Gregory Bateson was a biological anthropologist and ecologically aware thinker who conceived of any mechanical device as having the above four components. He lived in the 20th century and wrote Steps to an Ecology of Mind and Mind and Nature during the 1970s and 1980s.

He figured that people had to be able to systematically think of machinery as a functional network of parts working in harmony. The above diagram suggests his notion that operationally every mechanical device includes, 1) a source of fuel, 2) an explosive component to affect motion, 3) a device to keep motion occurring in a smooth fashion, 4) a guidance function to assure that extremes of operation (shut down or burnout) are avoided.


Four working parts of machinery with examples are:


component parts Automobile Earth as an analog machine
Fuel gas tank / battery atmospheric oxygen
Ignition spark plugs / cylinders fire or rapid oxidation
Flywheel flywheel gravitational mass (rotation)
Governor gas pedal / fuel injection photosynthesis in bacteria, plants and forests

As suggested above, real machines can be more complex than this model supposes, but any automotive vehicle can be thought of as possessing these four interactive component parts. In electronic machinery the role of the flywheel is taken over by the constant flow of electrons from one pole of charge to another.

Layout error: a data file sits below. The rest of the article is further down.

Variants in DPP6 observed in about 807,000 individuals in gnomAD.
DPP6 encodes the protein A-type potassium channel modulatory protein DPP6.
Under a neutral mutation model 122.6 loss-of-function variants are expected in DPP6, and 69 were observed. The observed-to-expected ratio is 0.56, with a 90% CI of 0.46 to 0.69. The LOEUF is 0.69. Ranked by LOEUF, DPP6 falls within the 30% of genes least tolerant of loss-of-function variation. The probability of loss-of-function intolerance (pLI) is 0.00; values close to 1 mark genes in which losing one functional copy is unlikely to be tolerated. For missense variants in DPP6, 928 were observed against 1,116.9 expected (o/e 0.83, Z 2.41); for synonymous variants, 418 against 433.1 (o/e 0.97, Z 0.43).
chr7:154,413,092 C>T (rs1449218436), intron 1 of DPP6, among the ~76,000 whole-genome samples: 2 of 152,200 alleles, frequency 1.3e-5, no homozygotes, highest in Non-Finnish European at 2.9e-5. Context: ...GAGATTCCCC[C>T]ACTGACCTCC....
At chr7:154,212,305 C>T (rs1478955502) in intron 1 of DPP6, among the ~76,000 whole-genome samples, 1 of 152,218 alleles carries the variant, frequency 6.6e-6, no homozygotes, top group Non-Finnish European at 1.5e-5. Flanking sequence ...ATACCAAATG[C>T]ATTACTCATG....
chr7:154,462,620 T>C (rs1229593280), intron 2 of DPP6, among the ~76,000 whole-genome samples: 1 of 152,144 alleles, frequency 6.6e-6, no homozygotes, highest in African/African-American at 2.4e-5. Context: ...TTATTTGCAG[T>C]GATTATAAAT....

Efficiency and performance of early steam engines, for example, were improved by the use of flywheels and governors to enhance momentum and to modulate the power inherent in the escape of expanding steam from the boiler. The efficiency of the fire in the boiler where water was turned into steam was improved by adding flywheels and governors because flywheels extend the momentum of the machine while the governors moderate the tendency of the mechanical parts to speed up or slow down, thus adding a jerkiness to the steady momentum on which the output depends.


Leo Marx, The Machine in the Garden